The latest Oil and Gas Emissions Management Regulations Annual Emissions report from the provincial government shows carbon dioxide equivalent emission from vented and flared gas at upstream oil facilities is down substantially from just seven years ago. 

The report, which was released last Wednesday, stated the emissions totalled 4.4 million tonnes, which is down by 6.5 million tonnes, or 60 percent, from 2015. It is also down by 15 percent from 2020. 

"A 60 percent reduction is a significant achievement and clearly demonstrates that Saskatchewan is a jurisdictional leader in methane reduction and its energy sector is one of the most environmentally responsible in the world," Energy and Resources Minister Bronwyn Eyre said. "Saskatchewan's comprehensive regulations target both methane from venting and carbon dioxide from flaring. This is more comprehensive than the federal approach, which targets only methane emissions."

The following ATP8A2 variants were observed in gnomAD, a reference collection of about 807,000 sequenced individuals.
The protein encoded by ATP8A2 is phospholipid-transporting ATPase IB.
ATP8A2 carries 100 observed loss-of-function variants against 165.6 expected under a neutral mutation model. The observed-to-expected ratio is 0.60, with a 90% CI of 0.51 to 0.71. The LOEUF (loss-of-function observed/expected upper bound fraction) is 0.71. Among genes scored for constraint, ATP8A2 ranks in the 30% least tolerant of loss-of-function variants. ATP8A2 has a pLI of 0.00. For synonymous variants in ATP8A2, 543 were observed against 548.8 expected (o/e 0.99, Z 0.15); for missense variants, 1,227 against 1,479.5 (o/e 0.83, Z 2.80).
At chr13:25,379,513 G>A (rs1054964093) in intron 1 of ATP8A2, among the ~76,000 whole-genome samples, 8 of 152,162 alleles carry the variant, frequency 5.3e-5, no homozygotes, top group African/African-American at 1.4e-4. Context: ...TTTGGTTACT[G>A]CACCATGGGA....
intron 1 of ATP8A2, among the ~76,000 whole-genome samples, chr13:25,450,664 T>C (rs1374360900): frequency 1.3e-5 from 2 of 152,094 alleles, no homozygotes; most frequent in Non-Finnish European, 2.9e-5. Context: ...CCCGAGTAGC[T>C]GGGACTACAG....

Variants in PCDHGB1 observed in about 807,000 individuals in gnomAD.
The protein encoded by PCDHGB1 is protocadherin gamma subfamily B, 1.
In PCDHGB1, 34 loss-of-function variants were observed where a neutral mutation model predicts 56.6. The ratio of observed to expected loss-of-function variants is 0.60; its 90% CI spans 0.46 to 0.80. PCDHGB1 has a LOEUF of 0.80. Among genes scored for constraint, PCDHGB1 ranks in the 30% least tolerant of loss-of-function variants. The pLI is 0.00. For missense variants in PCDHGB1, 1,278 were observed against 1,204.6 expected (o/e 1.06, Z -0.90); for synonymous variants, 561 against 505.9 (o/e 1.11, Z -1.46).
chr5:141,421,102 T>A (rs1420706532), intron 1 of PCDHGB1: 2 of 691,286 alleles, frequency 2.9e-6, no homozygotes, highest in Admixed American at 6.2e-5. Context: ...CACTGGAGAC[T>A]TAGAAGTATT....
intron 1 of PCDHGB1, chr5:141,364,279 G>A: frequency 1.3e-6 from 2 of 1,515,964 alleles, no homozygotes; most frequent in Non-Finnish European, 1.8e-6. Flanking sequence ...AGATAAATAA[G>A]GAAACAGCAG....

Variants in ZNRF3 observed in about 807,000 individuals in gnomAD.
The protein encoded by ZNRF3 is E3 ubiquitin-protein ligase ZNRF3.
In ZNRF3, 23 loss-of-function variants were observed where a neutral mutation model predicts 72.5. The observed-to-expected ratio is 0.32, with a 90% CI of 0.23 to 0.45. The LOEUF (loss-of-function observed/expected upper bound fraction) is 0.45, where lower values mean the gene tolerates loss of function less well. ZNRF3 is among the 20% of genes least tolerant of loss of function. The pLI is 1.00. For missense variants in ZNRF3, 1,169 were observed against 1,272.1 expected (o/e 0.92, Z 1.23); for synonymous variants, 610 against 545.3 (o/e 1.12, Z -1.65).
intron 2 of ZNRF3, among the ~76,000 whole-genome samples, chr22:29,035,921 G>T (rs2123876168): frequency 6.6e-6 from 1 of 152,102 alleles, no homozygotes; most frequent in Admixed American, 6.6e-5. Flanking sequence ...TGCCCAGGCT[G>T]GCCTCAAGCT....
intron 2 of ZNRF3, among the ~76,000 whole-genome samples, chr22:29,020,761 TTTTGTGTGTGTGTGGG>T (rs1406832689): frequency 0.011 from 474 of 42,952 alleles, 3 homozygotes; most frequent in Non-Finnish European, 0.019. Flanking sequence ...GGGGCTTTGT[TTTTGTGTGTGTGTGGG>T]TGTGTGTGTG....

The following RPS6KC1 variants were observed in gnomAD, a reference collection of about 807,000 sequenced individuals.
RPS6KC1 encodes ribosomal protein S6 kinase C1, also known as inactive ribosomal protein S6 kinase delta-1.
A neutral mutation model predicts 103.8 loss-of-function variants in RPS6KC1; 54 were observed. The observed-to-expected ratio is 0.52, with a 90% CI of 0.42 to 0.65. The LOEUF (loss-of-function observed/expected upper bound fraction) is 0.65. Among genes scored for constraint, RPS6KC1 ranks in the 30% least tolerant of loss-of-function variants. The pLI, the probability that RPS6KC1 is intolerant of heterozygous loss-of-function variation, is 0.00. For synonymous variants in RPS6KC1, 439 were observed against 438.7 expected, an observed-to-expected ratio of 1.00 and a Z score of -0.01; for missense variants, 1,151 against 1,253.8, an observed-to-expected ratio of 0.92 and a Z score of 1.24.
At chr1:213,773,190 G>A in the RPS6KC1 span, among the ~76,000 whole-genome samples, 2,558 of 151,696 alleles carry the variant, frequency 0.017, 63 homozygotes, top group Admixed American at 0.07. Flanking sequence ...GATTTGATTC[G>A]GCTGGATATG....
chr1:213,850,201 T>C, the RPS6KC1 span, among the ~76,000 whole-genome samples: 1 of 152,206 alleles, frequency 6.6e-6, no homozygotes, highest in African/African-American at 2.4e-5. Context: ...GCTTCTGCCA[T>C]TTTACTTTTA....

The reduction was credited to investments in the oil and gas sector into new equipment at key locations, which reduced companywide emissions. Many of those infrastructure changes were supported by the provincial government’s Saskatchewan Petroleum Innovation Incentive, which offers royalty and production tax credits for made-in-Saskatchewan projects. 

The province had stated in 2019 that the goal was to reduce greenhouse gas emissions by 40 to 45 percent from the 2015 levels by 2025. Pointing to the information released in the report this past week, the government says it shows the emission targets had been achieved, and would likely be exceeded by 2025. 

The Oil and Gas Emissions Management Regulations are part of an equivalency agreement between Saskatchewan and the provincial government that was signed in 2020, establishing a timeline on methane emissions. The deal expires on December 31st, 2024.